“If you know someone who has lost a child, and you're afraid to mention them because you think you might make them sad by reminding them that they died--you're not reminding them. They didn't forget they died.
What you're reminding them of is that you remembered that they lived, and ... that is a great gift.”
― Elizabeth Edwards
Want to know what to say to someone who has lost someone dear to them? The one thing I hear over and over from people who are grieving is how they wish people knew that they actually like it when people talk about the loved one who died. It may make them sad, but often in a good way, that they would welcome. No one wants to forget the person who died. No, if we let ME represent those grieving the loss of a loved one, I would like the memory of that person’s very important life to be kept alive through stories and by bringing the person’s name up in normal conversation. It may be harder for me to learn to live with my loss, if the folks around me never talk about my loved one for fear of making me sadder. Oftentimes that can be more about those around me not being comfortable with me expressing my grief in a normal, healthy way.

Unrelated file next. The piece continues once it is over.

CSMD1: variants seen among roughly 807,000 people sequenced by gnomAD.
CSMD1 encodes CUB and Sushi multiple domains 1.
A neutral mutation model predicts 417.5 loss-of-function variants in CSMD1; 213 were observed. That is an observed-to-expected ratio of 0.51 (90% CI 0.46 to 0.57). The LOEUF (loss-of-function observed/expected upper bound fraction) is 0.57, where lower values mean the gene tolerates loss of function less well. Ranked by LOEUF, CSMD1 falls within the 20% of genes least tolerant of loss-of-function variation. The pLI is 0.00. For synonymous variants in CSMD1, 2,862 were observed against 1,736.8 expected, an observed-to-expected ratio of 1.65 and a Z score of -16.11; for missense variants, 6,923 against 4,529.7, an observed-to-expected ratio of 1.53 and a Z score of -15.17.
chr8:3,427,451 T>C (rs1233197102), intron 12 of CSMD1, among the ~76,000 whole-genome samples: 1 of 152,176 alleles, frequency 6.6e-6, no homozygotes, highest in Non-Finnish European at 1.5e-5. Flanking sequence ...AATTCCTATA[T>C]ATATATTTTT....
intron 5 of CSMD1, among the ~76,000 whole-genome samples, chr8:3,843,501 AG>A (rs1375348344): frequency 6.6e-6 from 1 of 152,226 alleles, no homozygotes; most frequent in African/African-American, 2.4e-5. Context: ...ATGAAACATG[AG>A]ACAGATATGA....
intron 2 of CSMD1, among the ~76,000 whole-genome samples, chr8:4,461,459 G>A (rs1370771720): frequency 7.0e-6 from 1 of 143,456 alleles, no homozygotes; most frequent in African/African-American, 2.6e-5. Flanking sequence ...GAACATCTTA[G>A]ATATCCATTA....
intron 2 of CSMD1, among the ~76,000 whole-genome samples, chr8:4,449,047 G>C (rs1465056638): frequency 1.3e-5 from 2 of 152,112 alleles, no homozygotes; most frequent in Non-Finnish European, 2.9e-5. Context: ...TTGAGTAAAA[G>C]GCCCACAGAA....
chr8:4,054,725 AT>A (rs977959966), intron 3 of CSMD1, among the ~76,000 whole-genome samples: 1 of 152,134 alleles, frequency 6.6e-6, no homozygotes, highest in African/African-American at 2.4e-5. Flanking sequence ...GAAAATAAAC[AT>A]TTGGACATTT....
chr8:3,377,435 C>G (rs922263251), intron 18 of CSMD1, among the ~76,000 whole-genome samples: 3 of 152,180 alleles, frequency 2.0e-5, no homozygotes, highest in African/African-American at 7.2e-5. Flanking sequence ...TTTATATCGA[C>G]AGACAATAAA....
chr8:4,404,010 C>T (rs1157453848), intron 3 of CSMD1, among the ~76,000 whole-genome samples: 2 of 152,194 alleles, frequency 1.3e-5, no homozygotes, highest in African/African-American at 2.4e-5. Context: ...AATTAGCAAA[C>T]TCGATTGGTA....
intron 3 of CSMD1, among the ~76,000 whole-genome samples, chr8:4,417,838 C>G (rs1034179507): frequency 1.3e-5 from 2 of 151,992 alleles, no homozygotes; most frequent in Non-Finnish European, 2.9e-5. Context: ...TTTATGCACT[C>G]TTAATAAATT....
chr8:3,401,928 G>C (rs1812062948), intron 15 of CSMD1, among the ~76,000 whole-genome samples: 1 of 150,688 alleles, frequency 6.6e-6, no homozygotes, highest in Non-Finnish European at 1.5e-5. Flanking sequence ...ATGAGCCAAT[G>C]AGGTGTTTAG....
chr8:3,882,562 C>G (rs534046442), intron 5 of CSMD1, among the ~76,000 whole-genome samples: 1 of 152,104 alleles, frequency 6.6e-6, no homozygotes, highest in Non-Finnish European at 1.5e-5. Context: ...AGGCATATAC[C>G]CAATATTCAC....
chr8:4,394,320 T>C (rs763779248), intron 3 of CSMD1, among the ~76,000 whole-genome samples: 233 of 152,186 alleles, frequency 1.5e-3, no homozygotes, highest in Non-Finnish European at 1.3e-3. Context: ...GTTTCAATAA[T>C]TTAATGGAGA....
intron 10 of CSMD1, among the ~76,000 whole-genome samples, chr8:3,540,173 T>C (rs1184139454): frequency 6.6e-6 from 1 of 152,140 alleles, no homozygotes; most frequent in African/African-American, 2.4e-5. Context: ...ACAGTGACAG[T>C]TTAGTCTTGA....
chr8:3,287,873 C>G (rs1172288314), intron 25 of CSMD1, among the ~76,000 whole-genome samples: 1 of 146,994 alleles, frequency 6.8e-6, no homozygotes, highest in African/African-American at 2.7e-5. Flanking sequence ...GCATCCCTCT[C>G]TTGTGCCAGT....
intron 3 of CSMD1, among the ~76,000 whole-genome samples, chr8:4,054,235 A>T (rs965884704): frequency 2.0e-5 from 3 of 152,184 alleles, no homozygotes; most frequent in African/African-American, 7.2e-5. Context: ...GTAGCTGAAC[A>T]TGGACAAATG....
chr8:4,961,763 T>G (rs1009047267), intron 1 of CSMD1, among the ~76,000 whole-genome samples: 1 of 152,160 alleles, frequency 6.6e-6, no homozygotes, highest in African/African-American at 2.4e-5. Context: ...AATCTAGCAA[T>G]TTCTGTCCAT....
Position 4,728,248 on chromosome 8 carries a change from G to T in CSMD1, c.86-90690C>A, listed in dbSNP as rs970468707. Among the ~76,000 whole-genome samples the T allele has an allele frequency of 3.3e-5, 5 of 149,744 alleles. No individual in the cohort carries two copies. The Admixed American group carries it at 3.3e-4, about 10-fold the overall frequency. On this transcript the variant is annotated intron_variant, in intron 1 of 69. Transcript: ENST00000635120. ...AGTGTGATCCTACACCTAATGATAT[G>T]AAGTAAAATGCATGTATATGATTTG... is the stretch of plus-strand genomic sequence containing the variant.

Want to help? Share your memories about the one who died. It really can be more like a warm blanket of good memories wrapping around me – a welcomed feeling – even if I cry.
Loving God, help to understand and honor the memories
a grieving person always holds warmly in their heart
of their loved one who has died.
Fill me with the strength to be brave enough
to talk to them about my memories
of this very special person who is gone from their life,
but not from their heart.
May the stories I share with them help to heal their hearts
on their journey through grief.
Please bless them. Amen.